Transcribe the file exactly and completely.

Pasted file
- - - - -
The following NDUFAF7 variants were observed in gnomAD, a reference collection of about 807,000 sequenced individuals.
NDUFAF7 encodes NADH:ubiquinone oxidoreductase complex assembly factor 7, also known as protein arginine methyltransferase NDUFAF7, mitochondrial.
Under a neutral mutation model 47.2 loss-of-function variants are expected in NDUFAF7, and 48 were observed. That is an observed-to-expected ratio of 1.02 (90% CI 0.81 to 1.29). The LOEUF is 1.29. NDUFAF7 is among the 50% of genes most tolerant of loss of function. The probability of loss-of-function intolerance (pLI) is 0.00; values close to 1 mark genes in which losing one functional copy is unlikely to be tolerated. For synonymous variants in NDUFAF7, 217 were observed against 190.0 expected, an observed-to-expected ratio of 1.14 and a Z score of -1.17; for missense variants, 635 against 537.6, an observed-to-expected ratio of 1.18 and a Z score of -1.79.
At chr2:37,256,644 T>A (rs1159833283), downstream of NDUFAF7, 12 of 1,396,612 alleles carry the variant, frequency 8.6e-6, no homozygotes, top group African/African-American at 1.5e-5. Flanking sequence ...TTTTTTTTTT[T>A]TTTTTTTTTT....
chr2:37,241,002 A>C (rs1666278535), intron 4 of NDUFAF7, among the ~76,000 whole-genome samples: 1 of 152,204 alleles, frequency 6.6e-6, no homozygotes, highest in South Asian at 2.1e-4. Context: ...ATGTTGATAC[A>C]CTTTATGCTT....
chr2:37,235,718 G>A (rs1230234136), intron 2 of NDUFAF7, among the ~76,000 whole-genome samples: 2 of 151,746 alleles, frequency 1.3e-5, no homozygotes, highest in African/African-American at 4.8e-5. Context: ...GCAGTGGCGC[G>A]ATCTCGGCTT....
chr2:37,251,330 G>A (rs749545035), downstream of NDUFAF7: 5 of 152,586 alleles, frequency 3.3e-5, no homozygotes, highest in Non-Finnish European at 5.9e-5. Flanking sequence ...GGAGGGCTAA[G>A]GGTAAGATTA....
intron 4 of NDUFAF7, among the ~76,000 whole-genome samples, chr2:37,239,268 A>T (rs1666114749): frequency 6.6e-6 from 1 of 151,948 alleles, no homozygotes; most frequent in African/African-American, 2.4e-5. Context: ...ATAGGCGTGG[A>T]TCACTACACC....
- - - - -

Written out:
The following NDUFAF7 variants were observed in gnomAD, a reference collection of about 807,000 sequenced individuals.
NDUFAF7 encodes NADH:ubiquinone oxidoreductase complex assembly factor 7, also known as protein arginine methyltransferase NDUFAF7, mitochondrial.
Under a neutral mutation model 47.2 loss-of-function variants are expected in NDUFAF7, and 48 were observed. That is an observed-to-expected ratio of 1.02 (90% CI 0.81 to 1.29). The LOEUF is 1.29. NDUFAF7 is among the 50% of genes most tolerant of loss of function. The probability of loss-of-function intolerance (pLI) is 0.00; values close to 1 mark genes in which losing one functional copy is unlikely to be tolerated. For synonymous variants in NDUFAF7, 217 were observed against 190.0 expected, an observed-to-expected ratio of 1.14 and a Z score of -1.17; for missense variants, 635 against 537.6, an observed-to-expected ratio of 1.18 and a Z score of -1.79.
At chr2:37,256,644 T>A (rs1159833283), downstream of NDUFAF7, 12 of 1,396,612 alleles carry the variant, frequency 8.6e-6, no homozygotes, top group African/African-American at 1.5e-5. Flanking sequence ...TTTTTTTTTT[T>A]TTTTTTTTTT....
chr2:37,241,002 A>C (rs1666278535), intron 4 of NDUFAF7, among the ~76,000 whole-genome samples: 1 of 152,204 alleles, frequency 6.6e-6, no homozygotes, highest in South Asian at 2.1e-4. Context: ...ATGTTGATAC[A>C]CTTTATGCTT....
chr2:37,235,718 G>A (rs1230234136), intron 2 of NDUFAF7, among the ~76,000 whole-genome samples: 2 of 151,746 alleles, frequency 1.3e-5, no homozygotes, highest in African/African-American at 4.8e-5. Context: ...GCAGTGGCGC[G>A]ATCTCGGCTT....
chr2:37,251,330 G>A (rs749545035), downstream of NDUFAF7: 5 of 152,586 alleles, frequency 3.3e-5, no homozygotes, highest in Non-Finnish European at 5.9e-5. Flanking sequence ...GGAGGGCTAA[G>A]GGTAAGATTA....
intron 4 of NDUFAF7, among the ~76,000 whole-genome samples, chr2:37,239,268 A>T (rs1666114749): frequency 6.6e-6 from 1 of 151,948 alleles, no homozygotes; most frequent in African/African-American, 2.4e-5. Context: ...ATAGGCGTGG[A>T]TCACTACACC....